Somali pirates find safety at last in Dutch prison cell
15 May 2009
No, Willem-Jan Ausma has never had to defend a client quite like this: one who is quite happy being in prison, and is almost looking forward to being found guilty and sentenced. "For the first time in his life he has access to a real toilet. For the first time in his life he is in a safe environment," Ausma says about his Somali 'pirate' client.
Sure, 24-year-old Yusuf hasn't seen his family in more than four months. "But he intends to send for his wife and children as soon as he is released from prison. He knows he cannot easily be sent back to Somalia. He loves it here in the Netherlands."
Adrift at sea
Yusuf is one of the defendants in an exceptional court case starting on Monday in Rotterdam. On trial are five Somalis suspected of piracy on the high seas. They stand accused of attempting to hijack the freighter Samanyolu in the Gulf of Aden on January 2 of this year. The Samanyolu had a crew of seven Turks and one Azeri, but it was sailing under the flag of the Dutch Antilles, which are part of the Kingdom of the Netherlands. That gave the Netherlands a reason to put them on trial in a Dutch court. The Danish navy, which picked up the five Somalis, handed them over to the Netherlands in February.
Requests by NRC Handelsblad to interview the defendants were turned down by the prisons where they've been kept since. But access to the case files, including transcripts of the interrogations, was given by Haroon Raza, who defends Osman (1978). Raza hopes the publicity will help his client's case.
None of the defendants deny that they are pirates. "I'll be honest: it was our intention to hijack a ship," Yusuf said during his first interrogation. They readily admit to having been heavily armed with kalashnikovs and an anti-tank missile. But they claim they abandonned any idea of hijacking a ship after the engine on their boat died, and that the crew of the Samanyolu attacked them first.
For three days, the would-be pirates drifted on the high seas as their water and food supply dwindled. On the third day they met the Samanyolu; they decided to ask for help from its crew. By chance, their boat's engine suddenly came back to life at that moment. "We approached the ship," says Abdirisaq (1977). "We tried to attract the crew's attention by putting our hands in the air. But suddenly shooting came from the ship." They had no choice then but to fire back, says Abdirisaq, "but they were only warning shots".
'Act of despair'
The crew of the Samanyolu tells a different story. They say they only started firing flares and throwing molotov cocktails at the pirates after they had opened fire on the Samanyolu. It was 32-year-old Turkish sailor Deniz Ivdik who threw the molotov cocktail that set fire to the pirates' boat. After the pirates jumped ship the vessel exploded. The Somalis were then picked up by the Danish frigate Absalon, which was responding to an alert sent by the Samanyolu.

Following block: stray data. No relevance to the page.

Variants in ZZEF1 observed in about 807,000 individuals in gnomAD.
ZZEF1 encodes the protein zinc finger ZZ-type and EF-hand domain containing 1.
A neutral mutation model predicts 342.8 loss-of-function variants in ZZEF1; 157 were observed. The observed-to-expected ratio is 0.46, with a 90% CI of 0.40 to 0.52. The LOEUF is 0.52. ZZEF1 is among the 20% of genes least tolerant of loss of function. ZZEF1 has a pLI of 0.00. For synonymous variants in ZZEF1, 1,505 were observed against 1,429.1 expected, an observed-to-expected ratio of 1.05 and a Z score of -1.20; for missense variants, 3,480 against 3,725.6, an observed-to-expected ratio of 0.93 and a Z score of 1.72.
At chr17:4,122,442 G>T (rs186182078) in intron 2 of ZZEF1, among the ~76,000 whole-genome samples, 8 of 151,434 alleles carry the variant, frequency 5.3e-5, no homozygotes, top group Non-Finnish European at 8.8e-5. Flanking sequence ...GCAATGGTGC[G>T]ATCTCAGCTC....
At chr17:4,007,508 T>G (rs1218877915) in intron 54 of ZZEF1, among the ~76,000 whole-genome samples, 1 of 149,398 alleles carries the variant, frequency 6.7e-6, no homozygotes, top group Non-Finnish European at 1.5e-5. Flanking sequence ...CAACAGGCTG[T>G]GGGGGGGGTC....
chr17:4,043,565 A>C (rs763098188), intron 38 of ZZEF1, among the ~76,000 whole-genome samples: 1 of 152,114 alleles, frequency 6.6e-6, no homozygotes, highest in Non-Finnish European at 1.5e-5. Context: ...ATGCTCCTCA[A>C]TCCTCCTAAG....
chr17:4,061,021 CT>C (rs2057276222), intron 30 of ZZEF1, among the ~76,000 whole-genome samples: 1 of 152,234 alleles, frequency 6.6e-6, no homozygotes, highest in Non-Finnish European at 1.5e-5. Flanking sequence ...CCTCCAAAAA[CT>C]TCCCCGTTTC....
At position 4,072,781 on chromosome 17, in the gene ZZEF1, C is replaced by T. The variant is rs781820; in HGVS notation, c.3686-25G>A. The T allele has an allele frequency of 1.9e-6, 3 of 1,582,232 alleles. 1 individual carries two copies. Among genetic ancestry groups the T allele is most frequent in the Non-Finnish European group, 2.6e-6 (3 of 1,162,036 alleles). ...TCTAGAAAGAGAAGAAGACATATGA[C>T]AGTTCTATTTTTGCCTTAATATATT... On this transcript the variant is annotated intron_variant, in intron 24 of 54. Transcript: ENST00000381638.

According to lawyer Raza, the seamen of the Samanyolu "have some explaining to do". His client claims the Somalis were set up. The crew of the Samanyolu beckoned us to come closer, Osman told his interrogators. "We thought they had understood us and they wanted to save us." That's when someone threw a burning bottle into our boat."
Lawyer Ausma is taking a differrent approach. "The facts speak for themselves," he says. "There is no use denying what happened." Instead, he is aiming for a reduced sentence by appealing to the court's sympathy for what he says was "an act of despair".
The five Somalis all agree on this issue. They say they are poor fishermen who were forced into becoming pirates through poverty and debt. "I did it to make money to pay my debts and feed my family," Sayid (1970) told investigators. "The large fishing boats made it impossible for small fishermen like is to makle a living."
Ever since the central government in Somalia collapsed following the fall of dictator Siad Barre in 1991, European and Asian trawlers have stepped into the void to fish at will for squid, crab and tuna in the Indian Ocean. "It is an emotional issue for us. They took away our living," said Yusuf. After this remark, the investigator noted: "Suspect briefly starts crying."
Experts point to the high degree of organisation among Somali pirates. The actual pirates are usually controlled by gang leaders with contacts abroad. In exchange for part of the ransom - 1 milllion dollars per ship on average - corrupt businessmen provide the pirates with navigation equipment and weapons. The United Nations says local authorities in Somalia are also involved.
Yusuf told investigators that he found out about the quick money to be made with piracy "through the radio and from talking to other villagers". He named a certain "Boyah" - possibly Abshir Boyah, a 43-year-old pirate leader who told The New York Times last week that he is responsible for at least twenty-five hijackings.
Boyah, who lives in Gaarowe, the capital of semi-autonomous Puntland, also claims to be a member of a secretive pirate council called "The Corporation." Garoowe is a logistics base for the pirates; it is also where the pirates spend their money on expensive cars, big houses and beautiful girls.
Deniz Ivdik, one of the sailors on the Samanyolu, has little sympathy for the Somali pirates. Ever since it happened, Ivdik says, "I can't sleep at night and I have panick attacks." Ali Tenes, the 32-year-old cook of the Samanyolu, has a similar story. "I can't afford to stop working, but ever since the atack I am very frightened," he says.
Lawyer Ausma says his client knows that there is no chance that he will be acquitted. But he is "hopeful" about his future as a free man living in the Netherlands.
Click to view image: '8333e24aae7e-engpirates_224741e.jpg'
|Liveleak on Facebook|